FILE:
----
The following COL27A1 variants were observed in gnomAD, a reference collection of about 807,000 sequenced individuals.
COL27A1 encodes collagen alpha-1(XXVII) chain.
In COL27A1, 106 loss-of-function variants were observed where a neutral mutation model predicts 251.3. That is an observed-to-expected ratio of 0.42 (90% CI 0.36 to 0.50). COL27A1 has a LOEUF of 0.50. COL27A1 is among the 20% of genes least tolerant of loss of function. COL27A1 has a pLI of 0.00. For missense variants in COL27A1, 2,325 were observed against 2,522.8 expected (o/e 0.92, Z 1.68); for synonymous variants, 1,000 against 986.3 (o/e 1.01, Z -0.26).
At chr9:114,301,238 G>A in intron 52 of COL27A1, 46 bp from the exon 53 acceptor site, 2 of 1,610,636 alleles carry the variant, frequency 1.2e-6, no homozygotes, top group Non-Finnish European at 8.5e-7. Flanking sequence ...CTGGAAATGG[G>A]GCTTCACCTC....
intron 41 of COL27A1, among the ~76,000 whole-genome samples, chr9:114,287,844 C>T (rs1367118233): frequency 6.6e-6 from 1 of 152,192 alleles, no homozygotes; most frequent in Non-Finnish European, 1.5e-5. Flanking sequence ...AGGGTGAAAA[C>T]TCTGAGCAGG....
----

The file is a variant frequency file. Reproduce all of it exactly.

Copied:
The following COL27A1 variants were observed in gnomAD, a reference collection of about 807,000 sequenced individuals.
COL27A1 encodes collagen alpha-1(XXVII) chain.
In COL27A1, 106 loss-of-function variants were observed where a neutral mutation model predicts 251.3. That is an observed-to-expected ratio of 0.42 (90% CI 0.36 to 0.50). COL27A1 has a LOEUF of 0.50. COL27A1 is among the 20% of genes least tolerant of loss of function. COL27A1 has a pLI of 0.00. For missense variants in COL27A1, 2,325 were observed against 2,522.8 expected (o/e 0.92, Z 1.68); for synonymous variants, 1,000 against 986.3 (o/e 1.01, Z -0.26).
At chr9:114,301,238 G>A in intron 52 of COL27A1, 46 bp from the exon 53 acceptor site, 2 of 1,610,636 alleles carry the variant, frequency 1.2e-6, no homozygotes, top group Non-Finnish European at 8.5e-7. Flanking sequence ...CTGGAAATGG[G>A]GCTTCACCTC....
intron 41 of COL27A1, among the ~76,000 whole-genome samples, chr9:114,287,844 C>T (rs1367118233): frequency 6.6e-6 from 1 of 152,192 alleles, no homozygotes; most frequent in Non-Finnish European, 1.5e-5. Flanking sequence ...AGGGTGAAAA[C>T]TCTGAGCAGG....